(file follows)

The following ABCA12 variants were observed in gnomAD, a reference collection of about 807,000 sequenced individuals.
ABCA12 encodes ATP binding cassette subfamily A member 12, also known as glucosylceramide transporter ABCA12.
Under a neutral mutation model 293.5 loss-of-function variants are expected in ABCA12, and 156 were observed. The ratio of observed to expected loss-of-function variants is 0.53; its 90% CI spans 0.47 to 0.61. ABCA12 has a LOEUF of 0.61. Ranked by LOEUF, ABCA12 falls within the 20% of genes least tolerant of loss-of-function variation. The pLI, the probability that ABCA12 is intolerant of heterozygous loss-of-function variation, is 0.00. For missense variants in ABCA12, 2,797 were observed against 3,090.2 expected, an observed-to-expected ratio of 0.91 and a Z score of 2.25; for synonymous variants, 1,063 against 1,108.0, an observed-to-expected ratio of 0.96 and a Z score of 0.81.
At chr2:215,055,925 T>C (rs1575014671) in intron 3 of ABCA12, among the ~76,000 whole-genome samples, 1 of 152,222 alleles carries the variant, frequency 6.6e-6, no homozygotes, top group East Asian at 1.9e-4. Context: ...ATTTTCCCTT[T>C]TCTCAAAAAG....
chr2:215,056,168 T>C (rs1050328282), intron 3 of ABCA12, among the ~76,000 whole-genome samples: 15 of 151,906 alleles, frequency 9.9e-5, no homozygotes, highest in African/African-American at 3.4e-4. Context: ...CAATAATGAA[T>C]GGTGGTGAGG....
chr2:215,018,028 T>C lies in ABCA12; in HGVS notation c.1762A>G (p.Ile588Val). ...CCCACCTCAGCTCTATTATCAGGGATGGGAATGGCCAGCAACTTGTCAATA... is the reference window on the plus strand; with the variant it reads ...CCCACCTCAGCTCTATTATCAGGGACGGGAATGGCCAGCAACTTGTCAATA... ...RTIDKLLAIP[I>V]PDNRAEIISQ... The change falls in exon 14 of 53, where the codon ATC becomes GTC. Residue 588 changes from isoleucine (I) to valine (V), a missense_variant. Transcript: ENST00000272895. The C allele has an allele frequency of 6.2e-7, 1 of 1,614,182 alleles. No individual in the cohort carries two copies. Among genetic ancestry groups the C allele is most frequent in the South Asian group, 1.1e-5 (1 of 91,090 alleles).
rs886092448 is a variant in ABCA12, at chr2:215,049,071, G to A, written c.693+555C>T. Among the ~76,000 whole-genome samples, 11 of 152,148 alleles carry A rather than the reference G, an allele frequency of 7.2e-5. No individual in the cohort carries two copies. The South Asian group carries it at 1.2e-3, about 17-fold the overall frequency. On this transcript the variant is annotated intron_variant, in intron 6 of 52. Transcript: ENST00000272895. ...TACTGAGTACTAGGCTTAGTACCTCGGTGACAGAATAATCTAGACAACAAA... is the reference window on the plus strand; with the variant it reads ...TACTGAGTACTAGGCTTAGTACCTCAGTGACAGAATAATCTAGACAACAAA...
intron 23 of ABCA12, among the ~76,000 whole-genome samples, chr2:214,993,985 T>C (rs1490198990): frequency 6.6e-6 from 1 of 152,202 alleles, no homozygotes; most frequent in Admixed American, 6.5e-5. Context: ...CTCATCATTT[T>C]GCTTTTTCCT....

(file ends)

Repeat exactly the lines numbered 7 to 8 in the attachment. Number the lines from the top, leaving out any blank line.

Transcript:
rs886092448 is a variant in ABCA12, at chr2:215,049,071, G to A, written c.693+555C>T. Among the ~76,000 whole-genome samples, 11 of 152,148 alleles carry A rather than the reference G, an allele frequency of 7.2e-5. No individual in the cohort carries two copies. The South Asian group carries it at 1.2e-3, about 17-fold the overall frequency. On this transcript the variant is annotated intron_variant, in intron 6 of 52. Transcript: ENST00000272895. ...TACTGAGTACTAGGCTTAGTACCTCGGTGACAGAATAATCTAGACAACAAA... is the reference window on the plus strand; with the variant it reads ...TACTGAGTACTAGGCTTAGTACCTCAGTGACAGAATAATCTAGACAACAAA...
intron 23 of ABCA12, among the ~76,000 whole-genome samples, chr2:214,993,985 T>C (rs1490198990): frequency 6.6e-6 from 1 of 152,202 alleles, no homozygotes; most frequent in Admixed American, 6.5e-5. Context: ...CTCATCATTT[T>C]GCTTTTTCCT....